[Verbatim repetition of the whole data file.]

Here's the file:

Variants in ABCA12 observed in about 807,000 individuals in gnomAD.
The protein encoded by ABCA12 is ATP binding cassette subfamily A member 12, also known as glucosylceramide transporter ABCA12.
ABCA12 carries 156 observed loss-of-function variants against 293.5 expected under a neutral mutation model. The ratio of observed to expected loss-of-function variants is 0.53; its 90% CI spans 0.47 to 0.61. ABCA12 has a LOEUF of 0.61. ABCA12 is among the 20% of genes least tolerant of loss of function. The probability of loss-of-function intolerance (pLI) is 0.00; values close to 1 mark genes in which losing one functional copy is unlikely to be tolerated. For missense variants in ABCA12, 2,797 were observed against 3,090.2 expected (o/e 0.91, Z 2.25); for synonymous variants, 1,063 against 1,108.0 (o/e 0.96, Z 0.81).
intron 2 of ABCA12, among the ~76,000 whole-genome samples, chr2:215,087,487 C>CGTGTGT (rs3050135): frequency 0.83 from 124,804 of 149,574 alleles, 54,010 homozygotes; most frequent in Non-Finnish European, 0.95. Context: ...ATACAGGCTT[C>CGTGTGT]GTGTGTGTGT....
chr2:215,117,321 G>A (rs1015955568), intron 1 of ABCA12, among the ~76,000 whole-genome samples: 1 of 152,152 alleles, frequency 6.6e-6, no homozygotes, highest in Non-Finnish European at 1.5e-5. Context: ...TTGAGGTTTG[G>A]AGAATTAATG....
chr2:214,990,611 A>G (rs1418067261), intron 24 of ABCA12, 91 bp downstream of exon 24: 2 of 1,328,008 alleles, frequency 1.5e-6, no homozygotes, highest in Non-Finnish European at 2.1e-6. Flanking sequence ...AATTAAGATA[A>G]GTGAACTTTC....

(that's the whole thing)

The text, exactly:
Variants in ABCA12 observed in about 807,000 individuals in gnomAD.
The protein encoded by ABCA12 is ATP binding cassette subfamily A member 12, also known as glucosylceramide transporter ABCA12.
ABCA12 carries 156 observed loss-of-function variants against 293.5 expected under a neutral mutation model. The ratio of observed to expected loss-of-function variants is 0.53; its 90% CI spans 0.47 to 0.61. ABCA12 has a LOEUF of 0.61. ABCA12 is among the 20% of genes least tolerant of loss of function. The probability of loss-of-function intolerance (pLI) is 0.00; values close to 1 mark genes in which losing one functional copy is unlikely to be tolerated. For missense variants in ABCA12, 2,797 were observed against 3,090.2 expected (o/e 0.91, Z 2.25); for synonymous variants, 1,063 against 1,108.0 (o/e 0.96, Z 0.81).
intron 2 of ABCA12, among the ~76,000 whole-genome samples, chr2:215,087,487 C>CGTGTGT (rs3050135): frequency 0.83 from 124,804 of 149,574 alleles, 54,010 homozygotes; most frequent in Non-Finnish European, 0.95. Context: ...ATACAGGCTT[C>CGTGTGT]GTGTGTGTGT....
chr2:215,117,321 G>A (rs1015955568), intron 1 of ABCA12, among the ~76,000 whole-genome samples: 1 of 152,152 alleles, frequency 6.6e-6, no homozygotes, highest in Non-Finnish European at 1.5e-5. Context: ...TTGAGGTTTG[G>A]AGAATTAATG....
chr2:214,990,611 A>G (rs1418067261), intron 24 of ABCA12, 91 bp downstream of exon 24: 2 of 1,328,008 alleles, frequency 1.5e-6, no homozygotes, highest in Non-Finnish European at 2.1e-6. Flanking sequence ...AATTAAGATA[A>G]GTGAACTTTC....